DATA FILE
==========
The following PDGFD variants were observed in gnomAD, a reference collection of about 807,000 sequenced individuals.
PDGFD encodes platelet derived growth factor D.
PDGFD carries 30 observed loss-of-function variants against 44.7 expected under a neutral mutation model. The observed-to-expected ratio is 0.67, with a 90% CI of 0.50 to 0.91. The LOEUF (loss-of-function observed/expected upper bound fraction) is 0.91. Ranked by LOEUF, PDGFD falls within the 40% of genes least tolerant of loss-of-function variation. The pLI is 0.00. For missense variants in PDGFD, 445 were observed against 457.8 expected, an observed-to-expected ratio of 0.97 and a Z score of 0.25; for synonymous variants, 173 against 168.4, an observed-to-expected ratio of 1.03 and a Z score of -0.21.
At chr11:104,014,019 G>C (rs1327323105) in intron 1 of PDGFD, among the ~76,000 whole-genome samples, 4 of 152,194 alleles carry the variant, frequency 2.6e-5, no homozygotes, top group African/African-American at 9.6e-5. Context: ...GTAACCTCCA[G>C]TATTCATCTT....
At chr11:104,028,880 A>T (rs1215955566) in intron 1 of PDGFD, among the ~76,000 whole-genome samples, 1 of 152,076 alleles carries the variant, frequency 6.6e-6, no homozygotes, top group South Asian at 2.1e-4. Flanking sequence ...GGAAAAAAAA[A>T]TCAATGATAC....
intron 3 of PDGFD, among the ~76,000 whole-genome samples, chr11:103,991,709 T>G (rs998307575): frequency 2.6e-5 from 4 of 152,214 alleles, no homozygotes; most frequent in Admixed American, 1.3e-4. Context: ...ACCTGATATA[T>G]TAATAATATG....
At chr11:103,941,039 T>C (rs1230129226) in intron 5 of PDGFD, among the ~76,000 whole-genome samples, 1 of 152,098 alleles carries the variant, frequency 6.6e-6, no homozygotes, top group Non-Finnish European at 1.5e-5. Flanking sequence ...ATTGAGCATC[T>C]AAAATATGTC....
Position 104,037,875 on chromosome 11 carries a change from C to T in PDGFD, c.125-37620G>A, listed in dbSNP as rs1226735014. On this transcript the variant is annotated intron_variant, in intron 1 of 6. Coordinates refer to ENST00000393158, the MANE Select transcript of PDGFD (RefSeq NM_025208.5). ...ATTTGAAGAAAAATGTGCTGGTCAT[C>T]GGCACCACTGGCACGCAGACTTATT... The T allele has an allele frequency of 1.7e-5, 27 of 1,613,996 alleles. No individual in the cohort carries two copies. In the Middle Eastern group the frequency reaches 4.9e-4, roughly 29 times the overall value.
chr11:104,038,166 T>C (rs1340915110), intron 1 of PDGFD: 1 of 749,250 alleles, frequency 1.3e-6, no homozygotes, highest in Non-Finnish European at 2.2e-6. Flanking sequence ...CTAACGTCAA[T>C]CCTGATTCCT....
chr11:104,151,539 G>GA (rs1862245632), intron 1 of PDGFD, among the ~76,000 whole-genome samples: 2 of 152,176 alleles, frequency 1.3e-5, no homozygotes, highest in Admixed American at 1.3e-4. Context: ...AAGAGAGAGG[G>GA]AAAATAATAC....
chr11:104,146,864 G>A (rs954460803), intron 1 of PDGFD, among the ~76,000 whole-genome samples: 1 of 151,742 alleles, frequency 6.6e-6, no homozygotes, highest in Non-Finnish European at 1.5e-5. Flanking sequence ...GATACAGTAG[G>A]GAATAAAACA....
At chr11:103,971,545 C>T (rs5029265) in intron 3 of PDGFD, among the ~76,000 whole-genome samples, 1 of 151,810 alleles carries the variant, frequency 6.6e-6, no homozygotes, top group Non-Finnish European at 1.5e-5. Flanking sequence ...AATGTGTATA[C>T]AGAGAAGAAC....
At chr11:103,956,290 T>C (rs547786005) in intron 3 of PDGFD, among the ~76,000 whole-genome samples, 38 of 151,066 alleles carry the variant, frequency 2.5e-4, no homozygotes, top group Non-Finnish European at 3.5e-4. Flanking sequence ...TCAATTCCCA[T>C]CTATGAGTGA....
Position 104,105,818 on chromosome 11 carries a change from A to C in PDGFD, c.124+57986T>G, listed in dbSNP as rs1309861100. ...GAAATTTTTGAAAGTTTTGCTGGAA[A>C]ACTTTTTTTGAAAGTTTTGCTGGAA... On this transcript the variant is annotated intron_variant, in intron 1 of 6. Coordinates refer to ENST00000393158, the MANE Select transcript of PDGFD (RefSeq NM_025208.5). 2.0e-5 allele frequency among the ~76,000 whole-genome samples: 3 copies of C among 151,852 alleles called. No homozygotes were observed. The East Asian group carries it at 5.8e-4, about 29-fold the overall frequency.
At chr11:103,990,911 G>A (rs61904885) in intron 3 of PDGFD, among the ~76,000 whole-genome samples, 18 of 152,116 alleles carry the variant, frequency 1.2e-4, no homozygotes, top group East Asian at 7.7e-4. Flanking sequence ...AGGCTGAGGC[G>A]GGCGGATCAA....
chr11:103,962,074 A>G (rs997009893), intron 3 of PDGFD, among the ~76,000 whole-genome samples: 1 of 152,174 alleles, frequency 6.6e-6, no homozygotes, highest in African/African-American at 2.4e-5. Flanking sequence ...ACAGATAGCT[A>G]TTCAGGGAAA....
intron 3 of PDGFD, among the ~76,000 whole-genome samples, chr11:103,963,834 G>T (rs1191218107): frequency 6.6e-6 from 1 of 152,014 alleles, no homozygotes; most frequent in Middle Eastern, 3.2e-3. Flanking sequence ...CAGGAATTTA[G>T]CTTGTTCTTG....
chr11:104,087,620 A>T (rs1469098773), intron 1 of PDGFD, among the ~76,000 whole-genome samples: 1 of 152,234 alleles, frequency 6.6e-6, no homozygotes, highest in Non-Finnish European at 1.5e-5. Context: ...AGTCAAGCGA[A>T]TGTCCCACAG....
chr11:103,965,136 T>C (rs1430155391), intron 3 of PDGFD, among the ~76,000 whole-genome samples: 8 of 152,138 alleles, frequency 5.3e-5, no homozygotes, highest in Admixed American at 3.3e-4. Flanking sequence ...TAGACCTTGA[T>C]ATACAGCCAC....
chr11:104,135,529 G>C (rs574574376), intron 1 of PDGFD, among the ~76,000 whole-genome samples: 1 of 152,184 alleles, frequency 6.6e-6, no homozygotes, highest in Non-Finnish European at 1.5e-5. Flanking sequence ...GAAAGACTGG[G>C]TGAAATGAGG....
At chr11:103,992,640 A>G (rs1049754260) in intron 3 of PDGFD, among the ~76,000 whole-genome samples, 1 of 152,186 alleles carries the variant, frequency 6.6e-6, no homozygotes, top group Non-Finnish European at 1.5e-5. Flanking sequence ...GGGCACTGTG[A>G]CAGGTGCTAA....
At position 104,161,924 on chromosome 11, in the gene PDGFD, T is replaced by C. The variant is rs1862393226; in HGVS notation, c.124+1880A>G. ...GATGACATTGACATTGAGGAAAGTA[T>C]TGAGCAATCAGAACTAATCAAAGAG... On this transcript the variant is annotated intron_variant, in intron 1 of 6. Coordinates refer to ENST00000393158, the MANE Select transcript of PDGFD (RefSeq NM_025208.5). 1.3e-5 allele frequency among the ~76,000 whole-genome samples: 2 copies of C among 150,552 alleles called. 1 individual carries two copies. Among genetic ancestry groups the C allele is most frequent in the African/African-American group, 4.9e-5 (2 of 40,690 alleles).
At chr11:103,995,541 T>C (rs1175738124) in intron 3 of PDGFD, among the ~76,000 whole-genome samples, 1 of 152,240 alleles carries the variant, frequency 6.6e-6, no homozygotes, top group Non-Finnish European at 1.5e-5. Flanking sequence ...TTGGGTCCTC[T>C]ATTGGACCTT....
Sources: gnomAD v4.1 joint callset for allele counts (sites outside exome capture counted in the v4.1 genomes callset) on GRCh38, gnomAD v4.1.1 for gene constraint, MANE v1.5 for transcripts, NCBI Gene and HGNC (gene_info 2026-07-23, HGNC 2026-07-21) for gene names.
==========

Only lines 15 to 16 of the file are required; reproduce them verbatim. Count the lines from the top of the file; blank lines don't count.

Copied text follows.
At chr11:103,990,911 G>A (rs61904885) in intron 3 of PDGFD, among the ~76,000 whole-genome samples, 18 of 152,116 alleles carry the variant, frequency 1.2e-4, no homozygotes, top group East Asian at 7.7e-4. Flanking sequence ...AGGCTGAGGC[G>A]GGCGGATCAA....
chr11:103,962,074 A>G (rs997009893), intron 3 of PDGFD, among the ~76,000 whole-genome samples: 1 of 152,174 alleles, frequency 6.6e-6, no homozygotes, highest in African/African-American at 2.4e-5. Flanking sequence ...ACAGATAGCT[A>G]TTCAGGGAAA....